My Research, My Writing:

A Horse as Transport

Source: “Der Wanderreiter und sein Pferd” by Sadko G. Solinski; and courtesy of Firlefanz, who actually wrote this in reply to a question on the message board

Gaits

Basically it depends on horse, rider and terrain. At any rate it is not possible to gallop long distances. Generally a mix of gaits is preferable, although a steady trot is the best way to eat up miles, if necessary. Unfortunately it is also the least enjoyable gait.

Gait most often used is the walk, which may seem surprising. All gaits are never ridden at full speed, so you’d see a comfortable fox trot or a gentle canter, rather than any running.

Walk: 5-6 km / hour

Trot: 10-12 km / hour

Canter: 20-24 km / hour

A typical 2-hour schedule according to my book:

40 min walk – 20 min trot – 20 min walk – 20 min trot – 10 min walk – 10 min break. (This will get you about 15 km in two hours.)

Note that with this schedule you’ll reach the 30 km daily distance in four hours, and 45 km in six hours. This would be the limit for the average horse. (In effect, that leaves your travelling heroes time for sword practice, reading, cleaning tack, foraging … )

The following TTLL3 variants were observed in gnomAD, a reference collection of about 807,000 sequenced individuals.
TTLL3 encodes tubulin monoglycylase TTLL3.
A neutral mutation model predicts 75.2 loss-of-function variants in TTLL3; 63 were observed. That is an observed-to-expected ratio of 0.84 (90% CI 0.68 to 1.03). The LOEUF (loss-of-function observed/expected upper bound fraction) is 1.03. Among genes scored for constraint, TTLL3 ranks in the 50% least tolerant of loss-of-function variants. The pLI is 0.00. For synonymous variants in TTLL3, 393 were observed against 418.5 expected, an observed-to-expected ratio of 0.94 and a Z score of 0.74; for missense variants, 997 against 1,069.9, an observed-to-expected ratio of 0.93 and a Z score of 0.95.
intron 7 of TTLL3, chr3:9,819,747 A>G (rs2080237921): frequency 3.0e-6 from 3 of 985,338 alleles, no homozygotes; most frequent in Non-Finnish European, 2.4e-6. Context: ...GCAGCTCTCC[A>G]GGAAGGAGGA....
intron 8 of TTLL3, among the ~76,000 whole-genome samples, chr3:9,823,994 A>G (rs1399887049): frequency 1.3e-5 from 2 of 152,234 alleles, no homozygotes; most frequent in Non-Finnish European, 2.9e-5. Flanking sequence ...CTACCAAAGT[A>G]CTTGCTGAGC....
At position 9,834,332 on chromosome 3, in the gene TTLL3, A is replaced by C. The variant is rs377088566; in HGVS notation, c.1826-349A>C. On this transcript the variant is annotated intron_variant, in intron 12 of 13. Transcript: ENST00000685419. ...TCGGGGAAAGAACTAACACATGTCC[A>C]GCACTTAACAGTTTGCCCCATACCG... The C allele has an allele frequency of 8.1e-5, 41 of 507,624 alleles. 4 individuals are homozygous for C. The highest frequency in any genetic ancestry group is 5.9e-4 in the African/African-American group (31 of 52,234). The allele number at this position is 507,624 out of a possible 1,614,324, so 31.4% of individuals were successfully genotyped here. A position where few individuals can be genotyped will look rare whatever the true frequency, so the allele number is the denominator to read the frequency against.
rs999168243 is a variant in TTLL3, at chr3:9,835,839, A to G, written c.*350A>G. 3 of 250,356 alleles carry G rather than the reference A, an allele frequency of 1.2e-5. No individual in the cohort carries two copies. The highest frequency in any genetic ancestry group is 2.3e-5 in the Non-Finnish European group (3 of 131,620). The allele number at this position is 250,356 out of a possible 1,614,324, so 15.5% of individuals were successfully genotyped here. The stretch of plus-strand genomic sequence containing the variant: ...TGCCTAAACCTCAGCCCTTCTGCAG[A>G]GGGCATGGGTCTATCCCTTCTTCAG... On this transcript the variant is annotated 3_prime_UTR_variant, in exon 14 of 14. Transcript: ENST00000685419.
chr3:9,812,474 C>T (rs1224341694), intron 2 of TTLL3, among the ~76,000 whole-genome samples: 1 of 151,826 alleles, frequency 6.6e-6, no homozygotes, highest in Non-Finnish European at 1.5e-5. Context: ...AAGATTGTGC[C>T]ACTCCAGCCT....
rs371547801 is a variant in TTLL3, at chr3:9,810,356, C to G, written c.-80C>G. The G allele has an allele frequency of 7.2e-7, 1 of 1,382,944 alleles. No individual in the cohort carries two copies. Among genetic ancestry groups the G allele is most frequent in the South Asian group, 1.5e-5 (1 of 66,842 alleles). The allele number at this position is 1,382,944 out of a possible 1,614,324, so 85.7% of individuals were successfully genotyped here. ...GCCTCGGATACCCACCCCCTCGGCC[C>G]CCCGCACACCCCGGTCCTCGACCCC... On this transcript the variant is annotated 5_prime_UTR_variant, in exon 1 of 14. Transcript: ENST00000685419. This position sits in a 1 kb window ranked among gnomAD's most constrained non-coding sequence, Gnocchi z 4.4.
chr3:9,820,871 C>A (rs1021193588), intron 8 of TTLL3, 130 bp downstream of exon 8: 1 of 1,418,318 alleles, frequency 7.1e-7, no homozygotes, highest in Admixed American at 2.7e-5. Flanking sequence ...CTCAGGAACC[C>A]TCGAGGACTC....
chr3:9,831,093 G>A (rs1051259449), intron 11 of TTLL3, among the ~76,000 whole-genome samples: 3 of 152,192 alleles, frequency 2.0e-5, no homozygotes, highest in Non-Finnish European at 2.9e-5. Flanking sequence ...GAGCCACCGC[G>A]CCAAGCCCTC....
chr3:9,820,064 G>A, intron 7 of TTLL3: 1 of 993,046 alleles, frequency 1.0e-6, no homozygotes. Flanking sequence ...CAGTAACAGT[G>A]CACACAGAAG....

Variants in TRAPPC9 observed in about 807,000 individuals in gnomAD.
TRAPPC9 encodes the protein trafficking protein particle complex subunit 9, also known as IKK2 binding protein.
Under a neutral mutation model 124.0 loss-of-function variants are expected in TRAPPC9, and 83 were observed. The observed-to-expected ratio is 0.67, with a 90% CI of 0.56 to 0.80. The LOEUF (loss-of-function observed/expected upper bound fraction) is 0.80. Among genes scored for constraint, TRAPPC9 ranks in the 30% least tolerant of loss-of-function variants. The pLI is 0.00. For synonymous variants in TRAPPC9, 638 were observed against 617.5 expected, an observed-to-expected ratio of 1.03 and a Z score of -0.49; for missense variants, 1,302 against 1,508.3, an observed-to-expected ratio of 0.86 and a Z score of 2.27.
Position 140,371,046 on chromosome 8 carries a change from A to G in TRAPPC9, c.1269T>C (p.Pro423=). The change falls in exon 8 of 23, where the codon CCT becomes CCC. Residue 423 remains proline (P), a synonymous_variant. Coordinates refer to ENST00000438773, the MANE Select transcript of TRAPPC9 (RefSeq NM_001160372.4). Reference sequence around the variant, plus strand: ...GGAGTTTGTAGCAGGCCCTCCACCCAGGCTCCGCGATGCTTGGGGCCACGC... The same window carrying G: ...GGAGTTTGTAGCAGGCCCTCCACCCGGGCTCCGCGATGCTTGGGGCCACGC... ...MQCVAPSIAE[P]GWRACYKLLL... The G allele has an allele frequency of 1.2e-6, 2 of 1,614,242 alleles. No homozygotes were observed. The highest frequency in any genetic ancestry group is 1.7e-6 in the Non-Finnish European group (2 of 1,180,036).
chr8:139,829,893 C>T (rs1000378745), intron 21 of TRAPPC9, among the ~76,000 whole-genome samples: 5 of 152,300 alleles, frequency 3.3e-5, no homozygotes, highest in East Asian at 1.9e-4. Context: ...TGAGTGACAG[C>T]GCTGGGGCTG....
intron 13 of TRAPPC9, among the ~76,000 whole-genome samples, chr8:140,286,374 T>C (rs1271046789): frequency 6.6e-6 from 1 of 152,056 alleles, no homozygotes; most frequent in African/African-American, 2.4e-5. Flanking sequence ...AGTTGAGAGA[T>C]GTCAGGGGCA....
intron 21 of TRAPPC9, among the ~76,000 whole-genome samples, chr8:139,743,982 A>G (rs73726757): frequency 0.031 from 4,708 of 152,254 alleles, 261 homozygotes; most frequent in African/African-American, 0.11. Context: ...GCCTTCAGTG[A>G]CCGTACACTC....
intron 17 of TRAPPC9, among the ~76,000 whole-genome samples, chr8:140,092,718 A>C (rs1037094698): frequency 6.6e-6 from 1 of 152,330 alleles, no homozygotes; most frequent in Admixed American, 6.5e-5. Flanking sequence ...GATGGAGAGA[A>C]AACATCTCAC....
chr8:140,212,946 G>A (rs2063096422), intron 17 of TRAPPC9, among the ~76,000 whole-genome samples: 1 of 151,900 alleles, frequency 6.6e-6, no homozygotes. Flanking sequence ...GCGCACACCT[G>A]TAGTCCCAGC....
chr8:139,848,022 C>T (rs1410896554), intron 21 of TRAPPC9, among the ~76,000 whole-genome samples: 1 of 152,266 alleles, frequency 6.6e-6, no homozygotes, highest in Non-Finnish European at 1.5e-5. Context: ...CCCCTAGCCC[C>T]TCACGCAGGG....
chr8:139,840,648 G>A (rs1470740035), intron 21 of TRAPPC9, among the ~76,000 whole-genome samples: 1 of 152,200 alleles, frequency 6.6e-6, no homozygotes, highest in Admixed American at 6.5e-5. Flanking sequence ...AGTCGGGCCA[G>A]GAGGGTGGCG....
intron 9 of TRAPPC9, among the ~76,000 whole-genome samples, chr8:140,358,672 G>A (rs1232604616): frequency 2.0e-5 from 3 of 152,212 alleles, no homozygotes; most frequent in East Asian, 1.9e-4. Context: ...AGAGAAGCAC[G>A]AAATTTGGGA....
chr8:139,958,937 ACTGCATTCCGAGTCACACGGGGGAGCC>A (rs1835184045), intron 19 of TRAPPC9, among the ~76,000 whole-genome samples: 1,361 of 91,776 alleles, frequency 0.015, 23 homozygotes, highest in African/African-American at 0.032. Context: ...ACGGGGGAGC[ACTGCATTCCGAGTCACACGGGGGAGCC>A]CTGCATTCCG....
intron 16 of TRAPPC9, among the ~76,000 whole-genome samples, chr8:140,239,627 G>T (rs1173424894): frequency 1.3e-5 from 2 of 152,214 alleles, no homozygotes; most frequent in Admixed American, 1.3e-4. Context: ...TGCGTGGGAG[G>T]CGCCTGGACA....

The book also suggests having a whole day of rest every three to five days, so the horses can regain their strength.

Travel times (in regions with seasons):

Summer: sunrise until noon

Spring and fall: morning till noon and mid-afternoon till early evening

Winter: mid-morning till mid-afternoon

Distance

My handbook is in German, so I have km as unit.

Generally, for a ride of several days, and with the same horse, you can expect to get 30 – 40 km without straining the horse.

Very good horses can go 50 km per day, and exceptional ones can reach up to 70 km per day. However, for such a feat they need perfect training, food and conditions.

In addition, it’s good to remember that horses are rather inefficient eaters of grass and need long foraging times or good, additional grain fodder.

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